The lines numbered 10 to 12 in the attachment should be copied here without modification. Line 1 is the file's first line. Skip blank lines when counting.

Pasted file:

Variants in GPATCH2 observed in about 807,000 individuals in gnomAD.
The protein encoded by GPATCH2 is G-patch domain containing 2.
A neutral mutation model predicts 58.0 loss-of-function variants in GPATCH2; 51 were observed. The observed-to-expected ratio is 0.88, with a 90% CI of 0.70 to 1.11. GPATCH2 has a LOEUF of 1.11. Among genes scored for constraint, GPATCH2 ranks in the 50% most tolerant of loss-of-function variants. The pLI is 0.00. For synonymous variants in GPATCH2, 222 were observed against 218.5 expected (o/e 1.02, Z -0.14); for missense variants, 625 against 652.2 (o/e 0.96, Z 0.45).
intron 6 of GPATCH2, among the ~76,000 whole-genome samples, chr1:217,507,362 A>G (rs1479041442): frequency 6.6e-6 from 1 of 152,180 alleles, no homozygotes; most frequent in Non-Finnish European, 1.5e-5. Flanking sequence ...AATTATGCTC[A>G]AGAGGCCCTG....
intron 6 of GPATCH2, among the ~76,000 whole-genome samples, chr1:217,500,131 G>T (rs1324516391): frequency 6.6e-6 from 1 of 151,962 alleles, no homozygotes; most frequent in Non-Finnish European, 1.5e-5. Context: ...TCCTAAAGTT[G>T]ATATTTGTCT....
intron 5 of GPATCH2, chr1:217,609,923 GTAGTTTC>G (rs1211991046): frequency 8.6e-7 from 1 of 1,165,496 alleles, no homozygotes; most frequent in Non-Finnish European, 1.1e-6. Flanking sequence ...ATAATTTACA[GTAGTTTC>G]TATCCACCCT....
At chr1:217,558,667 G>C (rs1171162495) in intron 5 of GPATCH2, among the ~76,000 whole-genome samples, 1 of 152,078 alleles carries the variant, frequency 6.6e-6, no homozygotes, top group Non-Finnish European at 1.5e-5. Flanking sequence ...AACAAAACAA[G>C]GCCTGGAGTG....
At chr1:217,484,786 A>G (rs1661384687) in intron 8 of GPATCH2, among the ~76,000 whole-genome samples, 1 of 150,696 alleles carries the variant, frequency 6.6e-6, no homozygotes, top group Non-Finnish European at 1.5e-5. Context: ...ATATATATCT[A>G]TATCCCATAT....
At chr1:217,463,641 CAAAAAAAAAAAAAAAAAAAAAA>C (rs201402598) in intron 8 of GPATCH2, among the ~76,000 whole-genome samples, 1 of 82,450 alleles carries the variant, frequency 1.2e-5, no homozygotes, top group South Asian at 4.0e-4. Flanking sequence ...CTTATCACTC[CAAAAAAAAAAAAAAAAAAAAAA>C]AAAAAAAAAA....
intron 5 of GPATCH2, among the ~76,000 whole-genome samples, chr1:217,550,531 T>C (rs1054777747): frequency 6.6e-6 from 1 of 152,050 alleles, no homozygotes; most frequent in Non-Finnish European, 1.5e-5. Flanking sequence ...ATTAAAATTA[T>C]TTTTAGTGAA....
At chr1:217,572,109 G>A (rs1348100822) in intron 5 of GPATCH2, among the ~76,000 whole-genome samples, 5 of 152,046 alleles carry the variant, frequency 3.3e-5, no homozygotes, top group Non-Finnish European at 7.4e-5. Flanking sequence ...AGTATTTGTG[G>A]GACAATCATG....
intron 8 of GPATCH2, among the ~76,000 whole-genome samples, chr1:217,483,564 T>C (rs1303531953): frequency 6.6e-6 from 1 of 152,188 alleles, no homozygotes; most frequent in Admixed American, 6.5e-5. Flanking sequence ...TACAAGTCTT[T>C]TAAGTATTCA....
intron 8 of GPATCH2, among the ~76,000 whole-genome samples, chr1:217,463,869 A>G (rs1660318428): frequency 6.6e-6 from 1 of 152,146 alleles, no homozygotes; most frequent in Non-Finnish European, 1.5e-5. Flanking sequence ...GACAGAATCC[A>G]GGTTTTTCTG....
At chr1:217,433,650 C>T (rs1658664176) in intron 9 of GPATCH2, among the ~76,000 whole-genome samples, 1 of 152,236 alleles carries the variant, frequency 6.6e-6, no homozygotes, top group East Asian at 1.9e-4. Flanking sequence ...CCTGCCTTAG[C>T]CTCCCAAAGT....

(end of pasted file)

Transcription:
intron 5 of GPATCH2, among the ~76,000 whole-genome samples, chr1:217,550,531 T>C (rs1054777747): frequency 6.6e-6 from 1 of 152,050 alleles, no homozygotes; most frequent in Non-Finnish European, 1.5e-5. Flanking sequence ...ATTAAAATTA[T>C]TTTTAGTGAA....
At chr1:217,572,109 G>A (rs1348100822) in intron 5 of GPATCH2, among the ~76,000 whole-genome samples, 5 of 152,046 alleles carry the variant, frequency 3.3e-5, no homozygotes, top group Non-Finnish European at 7.4e-5. Flanking sequence ...AGTATTTGTG[G>A]GACAATCATG....
intron 8 of GPATCH2, among the ~76,000 whole-genome samples, chr1:217,483,564 T>C (rs1303531953): frequency 6.6e-6 from 1 of 152,188 alleles, no homozygotes; most frequent in Admixed American, 6.5e-5. Flanking sequence ...TACAAGTCTT[T>C]TAAGTATTCA....